Local Politics

Stakes High for Edwards in Iowa

Posted December 5, 2007 6:09 p.m. EST
Updated December 5, 2007 6:51 p.m. EST

— With one month left until the Iowa caucuses, Democratic presidential candidate John Edwards is in the final stretch of what some see as a fight for his political life.

Edwards, the former U.S. senator from North Carolina, surprised many in 2004 by placing second in Iowa. The strong showing boosted his candidacy and propelled him to the Democratic vice presidential nomination.

But Edwards no longer has the element of surprise in his favor, and the political stakes are much higher this time around. Most political analysts said they believe he needs to pull off a win in Iowa to stay alive for the Democratic nomination.

"John Edwards has everything riding on Iowa," said David Yepsen, a political columnist with The Des Moines Register.

The newspaper's latest poll places Edwards third behind Illinois Sen. Barack Obama and New York Sen. Hillary Clinton.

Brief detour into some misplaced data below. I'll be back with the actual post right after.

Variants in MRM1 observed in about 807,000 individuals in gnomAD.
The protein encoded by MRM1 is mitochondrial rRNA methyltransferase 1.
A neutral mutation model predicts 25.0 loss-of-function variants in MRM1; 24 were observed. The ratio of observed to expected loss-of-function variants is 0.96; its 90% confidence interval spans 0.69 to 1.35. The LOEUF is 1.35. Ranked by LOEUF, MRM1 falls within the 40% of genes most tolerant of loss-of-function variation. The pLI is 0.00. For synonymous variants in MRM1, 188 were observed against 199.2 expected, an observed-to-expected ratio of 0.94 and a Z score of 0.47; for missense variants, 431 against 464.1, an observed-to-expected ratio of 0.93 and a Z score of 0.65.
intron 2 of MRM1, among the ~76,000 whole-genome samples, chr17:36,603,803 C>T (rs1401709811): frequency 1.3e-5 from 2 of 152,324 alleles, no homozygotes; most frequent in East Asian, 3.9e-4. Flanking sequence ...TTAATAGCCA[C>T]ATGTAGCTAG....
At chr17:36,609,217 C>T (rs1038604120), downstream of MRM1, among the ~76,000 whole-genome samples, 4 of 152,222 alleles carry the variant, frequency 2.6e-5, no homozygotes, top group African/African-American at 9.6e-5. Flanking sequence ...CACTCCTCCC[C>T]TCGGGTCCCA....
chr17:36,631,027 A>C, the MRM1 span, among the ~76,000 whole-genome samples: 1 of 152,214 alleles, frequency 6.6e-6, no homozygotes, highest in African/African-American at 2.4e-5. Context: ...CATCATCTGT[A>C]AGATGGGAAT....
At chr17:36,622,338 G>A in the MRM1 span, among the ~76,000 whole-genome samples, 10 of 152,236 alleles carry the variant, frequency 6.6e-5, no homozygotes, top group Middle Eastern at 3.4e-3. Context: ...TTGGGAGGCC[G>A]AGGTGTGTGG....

Yet, he remains confident and upbeat on the campaign trail.

"Everything's relative, but I'm in a much better place than I was the last time," he said. "I feel a great deal of confidence as we go into the last few weeks of this."

Edwards has campaigned in Iowa for 67 days this year – more than any other Democratic candidate – working for votes in high school libraries in Mason City and community college conference rooms in Waterloo.

He talks about ending the war in Iraq, lifting up the poor and taking on powerful corporate lobbyists.

"They will no more give away their power than the man in the moon. We've got to take it from them," he said of lobbyists.

The message resonates with some caucus-goers.

"He walks the talk," Jana Root said.

"He's one of us," Jim Kuhlman said.

While Edwards' familiarity in Iowa is good, Yepsen said, he also lacks some of the spark he had in 2004.

"It's also a downside. He's not a fresh face. He's not as new as he was," Yepsen said.

Edwards has retooled his campaign for the weeks leading up to the Jan. 3 caucuses, toning down attacks in favor of a more positive message.

"I've been through this. I know what you do in Iowa," he told some residents recently.